John, this is a strong claim, and I for one am skeptical. Of course,
you can keep pulling more signal out of a Mandelbrot set as you
fall into its infinite depths, but hey, in *some* sense, we *know*
what we are going to be getting out of it. The "fractal character"
of the curves that emerge from increasing levels of mathematical
magnification doesn't change much no matter how deep you go.
Going deeply into a grape, however, you run into, well, unknown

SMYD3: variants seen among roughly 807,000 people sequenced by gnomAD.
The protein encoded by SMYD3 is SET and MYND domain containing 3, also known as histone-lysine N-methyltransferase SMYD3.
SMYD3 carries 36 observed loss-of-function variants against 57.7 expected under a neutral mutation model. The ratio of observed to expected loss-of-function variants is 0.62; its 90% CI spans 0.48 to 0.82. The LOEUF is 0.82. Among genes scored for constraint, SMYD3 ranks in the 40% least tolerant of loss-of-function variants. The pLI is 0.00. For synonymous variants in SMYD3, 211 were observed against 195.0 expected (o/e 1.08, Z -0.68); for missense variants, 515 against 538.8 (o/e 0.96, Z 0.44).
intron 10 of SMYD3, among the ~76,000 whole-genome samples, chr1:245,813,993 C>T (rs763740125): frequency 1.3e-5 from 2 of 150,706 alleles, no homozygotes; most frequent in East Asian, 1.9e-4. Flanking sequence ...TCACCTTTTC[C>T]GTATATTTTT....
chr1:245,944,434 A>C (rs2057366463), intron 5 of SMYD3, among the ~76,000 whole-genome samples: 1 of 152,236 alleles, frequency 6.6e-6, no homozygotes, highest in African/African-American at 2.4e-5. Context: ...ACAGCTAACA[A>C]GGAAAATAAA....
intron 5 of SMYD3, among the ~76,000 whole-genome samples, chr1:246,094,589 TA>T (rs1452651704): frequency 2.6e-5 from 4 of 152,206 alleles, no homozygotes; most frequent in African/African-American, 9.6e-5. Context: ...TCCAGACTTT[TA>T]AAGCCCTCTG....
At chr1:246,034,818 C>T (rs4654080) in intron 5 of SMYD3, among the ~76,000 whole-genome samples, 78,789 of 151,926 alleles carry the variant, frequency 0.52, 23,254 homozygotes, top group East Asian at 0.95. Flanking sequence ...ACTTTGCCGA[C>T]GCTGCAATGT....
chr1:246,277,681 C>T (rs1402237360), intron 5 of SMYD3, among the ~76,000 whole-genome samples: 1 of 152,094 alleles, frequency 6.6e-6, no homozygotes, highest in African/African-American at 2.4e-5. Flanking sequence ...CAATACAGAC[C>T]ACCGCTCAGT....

things. Who knows what's down in there? Superstrings? Membranes?
What? It's not as if the structure just stops at the level of quarks
and leptons... at least I suspect it's not, because the history of
science so far has been that the more you study a real physical
object, the weirder it gets.
If by "the shape of a grape" all you meant was "ellipsoid", well,
then you're just comparing a complex Platonic mathematical object
to a simple Platonic mathematical object, and you're not engaging
with Hara's Preal distinction at all. This is why I assumed you
meant the full three-dimensional curve of the grape in full detail,
interior and exterior.
-- Eric Watt Forste ++ arkuat@pobox.com ++ expectation foils perception -pcd